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Low Wage Jobs and Pathways to Better Outcomes - WP 02/29

Publication Details

  • Low Wage Jobs and Pathways to Better Outcomes
  • Published: Dec 2002
  • Status: Current
  • Authors: Miller-Lewis, Lauren; Richardson, Sue
  • JEL Classification: J30; J60
  • Hard copy: Available in HTML and PDF formats only.
 

Low Wage Jobs and Pathways to Better Outcomes

New Zealand Treasury Working Paper 02/29

Published: December 2002

Authors: Sue Richardson and Lauren Miller-Lewis

Abstract

Many people find their first employment in a low wage job. Others accept low wage jobs after a period out of the workforce or unemployed. An issue of vital social interest is the speed with which low wage workers move on to better jobs. This review of the international literature finds that the extent of mobility depends on the definition of low wage, and that the least upwardly mobile are older, less educated workers, including middle aged women, sole mothers and men who have been retrenched. Young, educated, urban workers quickly move to better paid jobs. Everywhere, women are more likely to be low paid than men, and have lower mobility. Higher education reduces the risk of low pay, but not to zero.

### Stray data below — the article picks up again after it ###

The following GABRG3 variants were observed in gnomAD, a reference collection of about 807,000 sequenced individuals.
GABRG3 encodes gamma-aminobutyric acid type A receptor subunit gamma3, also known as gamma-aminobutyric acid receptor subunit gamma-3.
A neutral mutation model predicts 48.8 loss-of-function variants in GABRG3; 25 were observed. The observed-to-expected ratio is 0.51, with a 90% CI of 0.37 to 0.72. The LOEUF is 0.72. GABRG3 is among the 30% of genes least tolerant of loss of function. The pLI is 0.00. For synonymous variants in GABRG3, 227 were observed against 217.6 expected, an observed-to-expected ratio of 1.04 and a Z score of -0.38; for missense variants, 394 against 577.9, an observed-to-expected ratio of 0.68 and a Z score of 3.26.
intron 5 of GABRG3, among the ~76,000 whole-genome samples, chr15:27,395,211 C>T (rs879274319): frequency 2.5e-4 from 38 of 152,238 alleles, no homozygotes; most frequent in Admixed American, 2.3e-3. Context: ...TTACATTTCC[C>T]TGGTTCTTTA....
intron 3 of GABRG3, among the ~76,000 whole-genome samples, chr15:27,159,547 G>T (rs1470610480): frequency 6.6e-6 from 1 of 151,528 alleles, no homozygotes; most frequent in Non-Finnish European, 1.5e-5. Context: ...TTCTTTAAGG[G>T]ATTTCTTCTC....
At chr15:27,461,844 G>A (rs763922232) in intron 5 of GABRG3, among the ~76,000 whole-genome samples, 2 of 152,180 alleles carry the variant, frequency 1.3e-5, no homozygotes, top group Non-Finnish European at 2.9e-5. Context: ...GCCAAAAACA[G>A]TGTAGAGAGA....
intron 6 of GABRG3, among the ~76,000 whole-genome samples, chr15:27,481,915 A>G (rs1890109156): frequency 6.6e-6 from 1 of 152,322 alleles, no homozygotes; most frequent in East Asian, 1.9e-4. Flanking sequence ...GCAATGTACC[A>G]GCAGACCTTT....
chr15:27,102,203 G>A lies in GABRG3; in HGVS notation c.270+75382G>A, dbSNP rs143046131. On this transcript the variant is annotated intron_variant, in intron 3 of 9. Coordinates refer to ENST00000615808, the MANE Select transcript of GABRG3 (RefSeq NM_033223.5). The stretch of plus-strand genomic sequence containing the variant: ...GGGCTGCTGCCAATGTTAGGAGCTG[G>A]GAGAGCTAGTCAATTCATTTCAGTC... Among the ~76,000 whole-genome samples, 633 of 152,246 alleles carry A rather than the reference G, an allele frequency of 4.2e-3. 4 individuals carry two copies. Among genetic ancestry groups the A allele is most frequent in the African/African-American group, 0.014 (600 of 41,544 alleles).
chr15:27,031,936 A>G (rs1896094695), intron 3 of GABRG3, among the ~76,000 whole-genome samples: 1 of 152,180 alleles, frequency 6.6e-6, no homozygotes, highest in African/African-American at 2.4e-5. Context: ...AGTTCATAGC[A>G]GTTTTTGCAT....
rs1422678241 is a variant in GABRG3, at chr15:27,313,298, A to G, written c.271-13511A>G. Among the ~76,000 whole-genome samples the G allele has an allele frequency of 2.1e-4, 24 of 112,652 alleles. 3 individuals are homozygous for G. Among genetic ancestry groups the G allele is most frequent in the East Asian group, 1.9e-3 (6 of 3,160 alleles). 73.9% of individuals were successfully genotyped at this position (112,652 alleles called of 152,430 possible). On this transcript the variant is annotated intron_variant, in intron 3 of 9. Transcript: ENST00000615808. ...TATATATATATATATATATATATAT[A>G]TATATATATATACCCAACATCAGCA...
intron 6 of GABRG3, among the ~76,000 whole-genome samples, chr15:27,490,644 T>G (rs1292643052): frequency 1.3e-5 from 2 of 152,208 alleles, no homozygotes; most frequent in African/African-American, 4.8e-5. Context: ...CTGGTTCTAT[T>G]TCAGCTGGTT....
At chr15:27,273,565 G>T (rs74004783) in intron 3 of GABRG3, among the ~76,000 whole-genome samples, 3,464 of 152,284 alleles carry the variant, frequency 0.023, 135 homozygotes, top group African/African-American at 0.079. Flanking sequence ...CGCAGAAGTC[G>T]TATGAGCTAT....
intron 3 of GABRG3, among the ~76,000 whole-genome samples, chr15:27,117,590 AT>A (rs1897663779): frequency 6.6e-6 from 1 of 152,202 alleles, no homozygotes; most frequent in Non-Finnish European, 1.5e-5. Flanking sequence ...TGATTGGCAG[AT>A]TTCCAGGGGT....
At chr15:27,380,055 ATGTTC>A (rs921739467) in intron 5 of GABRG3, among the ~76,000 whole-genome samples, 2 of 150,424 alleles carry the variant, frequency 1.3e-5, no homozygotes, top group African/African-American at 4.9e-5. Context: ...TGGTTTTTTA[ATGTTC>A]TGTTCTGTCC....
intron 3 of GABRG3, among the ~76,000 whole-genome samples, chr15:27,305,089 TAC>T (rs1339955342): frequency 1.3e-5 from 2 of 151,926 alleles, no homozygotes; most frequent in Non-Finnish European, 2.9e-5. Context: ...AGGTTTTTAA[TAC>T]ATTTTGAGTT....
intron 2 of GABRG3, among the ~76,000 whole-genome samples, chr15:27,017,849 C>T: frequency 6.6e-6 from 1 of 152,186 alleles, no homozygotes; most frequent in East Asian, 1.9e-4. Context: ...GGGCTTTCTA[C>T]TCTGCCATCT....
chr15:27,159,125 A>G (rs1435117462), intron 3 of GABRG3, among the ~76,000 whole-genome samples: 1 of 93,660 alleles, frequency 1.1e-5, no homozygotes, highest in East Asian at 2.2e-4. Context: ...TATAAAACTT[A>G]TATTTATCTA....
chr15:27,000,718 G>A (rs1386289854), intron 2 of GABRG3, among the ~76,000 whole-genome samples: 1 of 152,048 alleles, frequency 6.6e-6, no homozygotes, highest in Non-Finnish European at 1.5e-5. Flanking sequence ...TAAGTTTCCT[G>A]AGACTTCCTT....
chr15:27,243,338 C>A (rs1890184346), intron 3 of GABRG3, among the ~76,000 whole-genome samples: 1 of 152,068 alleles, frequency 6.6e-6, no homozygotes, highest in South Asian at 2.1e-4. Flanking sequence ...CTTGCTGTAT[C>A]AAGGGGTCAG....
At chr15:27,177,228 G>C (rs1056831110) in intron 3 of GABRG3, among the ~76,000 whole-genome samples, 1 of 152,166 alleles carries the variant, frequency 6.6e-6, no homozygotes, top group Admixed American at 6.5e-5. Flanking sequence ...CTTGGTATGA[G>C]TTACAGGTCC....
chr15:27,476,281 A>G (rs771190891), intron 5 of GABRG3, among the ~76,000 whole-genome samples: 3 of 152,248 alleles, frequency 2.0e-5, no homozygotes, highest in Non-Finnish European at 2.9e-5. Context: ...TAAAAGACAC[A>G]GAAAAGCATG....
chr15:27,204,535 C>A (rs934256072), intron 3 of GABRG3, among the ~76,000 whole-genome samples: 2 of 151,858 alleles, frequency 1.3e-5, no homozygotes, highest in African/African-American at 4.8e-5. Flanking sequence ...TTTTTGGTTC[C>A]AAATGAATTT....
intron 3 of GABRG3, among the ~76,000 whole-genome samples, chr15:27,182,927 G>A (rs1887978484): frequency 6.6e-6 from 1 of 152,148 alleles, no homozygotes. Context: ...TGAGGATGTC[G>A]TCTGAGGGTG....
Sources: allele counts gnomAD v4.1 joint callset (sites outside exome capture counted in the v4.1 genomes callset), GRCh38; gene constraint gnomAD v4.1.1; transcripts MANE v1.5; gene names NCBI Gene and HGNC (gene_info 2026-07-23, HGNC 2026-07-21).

The paper goes on to examine the extent and sources of wage mobility, and looks carefully at the question of whether a low wage job can be assumed to be preferable to no job (and finds that it cannot). It finds that countries with high levels of wage inequality have lower levels of wage mobility. It concludes with a discussion of possible policy steps that could reduce the risk of people being stuck in low wage jobs for long periods. These should be targeted at both the demand side (the structure of jobs) and the supply side (the capacity of workers).

Table of Contents

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Abstract

Table of Contents

List of Tables

List of Figures

1 Introduction

2 The context of low wage work

3 What are low wages?

4 Who are the low wage workers?

5 What are the low wage jobs?

6 Why pay low wages?

7 Why accept low wages?

8 How much mobility is there?

9 Sole mothers

10 Sources of upward wage mobility

11 Is a low wage job better than no job?

12 Does the supply of skills create its own demand?

13 Conclusions

14 Policies for wage mobility

References

twp02-29.pdf (525 KB) pp. 91

List of Tables

List of Figures

Acknowledgements

We have been greatly assisted by the skilled NILS staff in the preparation of this monograph. In particular, we wish to thank Ben Safari for his excellent research assistance. Sid Durbin and his colleagues in the New Zealand Treasury have provided most helpful opinions and challenging questions. We have also been greatly assisted by the insightful comments of two referees, Jeff Borland and Julia Lane. We remain solely responsible for any shortcomings.

Disclaimer

The views expressed in this Working Paper are those of the author(s) and do not necessarily reflect the views of the New Zealand Treasury.  The paper is presented not as policy, but with a view to inform and stimulate wider debate.

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